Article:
Contraceptive use systematic review
Our systematic review of qualitative research on the barriers to modern contraceptive method use among young women in developing countries was published in Reproductive Health in 2009.
Literature searches of 23 databases, including Medline, Embase and POPLINE®, were conducted, and 7 high-quality studies met the inclusion criteria (six from sub-Saharan Africa; one from South-East Asia). Sample sizes ranged from 16 to 149 young women with 387 in total (age range 13-19 years). Four of the studies were urban based, one was rural, one semi-rural, and one mixed (predominantly rural). Key themes were identified and compared across the studies. Use of hormonal methods was limited by lack of knowledge, obstacles to access and concern over side effects, especially fear of infertility. Although often easier to get hold of, and sometimes more attractive than hormonal methods, condom use was limited by their association with sexually transmitted diseases and promiscuity, together with greater male control of the method. As a result young women often relied on traditional methods (e.g. withdrawal, or charms and herbal mixtures from traditional healers) or abortion. Although the review was limited to five countries and conditions are not homogenous for all young women in all developing countries, the overarching themes were common across different settings and contexts, supporting the potential transferability of interventions to improve reproductive health, given appropriate adaptation to local socio-cultural conditions.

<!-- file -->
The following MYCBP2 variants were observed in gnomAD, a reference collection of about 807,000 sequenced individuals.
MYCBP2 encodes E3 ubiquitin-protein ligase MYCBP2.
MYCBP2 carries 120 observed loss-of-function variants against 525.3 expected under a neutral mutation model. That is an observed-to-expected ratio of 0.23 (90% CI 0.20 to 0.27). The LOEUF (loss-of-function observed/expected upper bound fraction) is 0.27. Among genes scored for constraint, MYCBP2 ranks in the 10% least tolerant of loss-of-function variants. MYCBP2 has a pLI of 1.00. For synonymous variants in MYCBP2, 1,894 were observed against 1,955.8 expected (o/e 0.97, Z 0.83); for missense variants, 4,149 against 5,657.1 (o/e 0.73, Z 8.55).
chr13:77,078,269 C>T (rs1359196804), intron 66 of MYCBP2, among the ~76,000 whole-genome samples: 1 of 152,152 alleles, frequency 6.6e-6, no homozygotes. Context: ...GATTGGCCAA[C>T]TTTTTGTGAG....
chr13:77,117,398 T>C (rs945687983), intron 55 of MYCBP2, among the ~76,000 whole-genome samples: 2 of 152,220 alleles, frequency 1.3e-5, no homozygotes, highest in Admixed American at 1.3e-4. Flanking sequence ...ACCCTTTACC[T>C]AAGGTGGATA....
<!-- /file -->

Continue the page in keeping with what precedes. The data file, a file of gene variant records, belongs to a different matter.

Williamson LM, Parkes A, Wight D, Petticrew M, Hart GJ. Limits to modern contraceptive use among young women in developing countries: a systematic review of qualitative research. Reproductive Health 2009;6:3pubmed open access
Williamson LM, Hart G, Petticrew M. A systematic review of research on young women's uptake, choice, and discontinuation of contraceptives: descriptive mapping. European Journal of Contraception & Reproductive Health Care 2004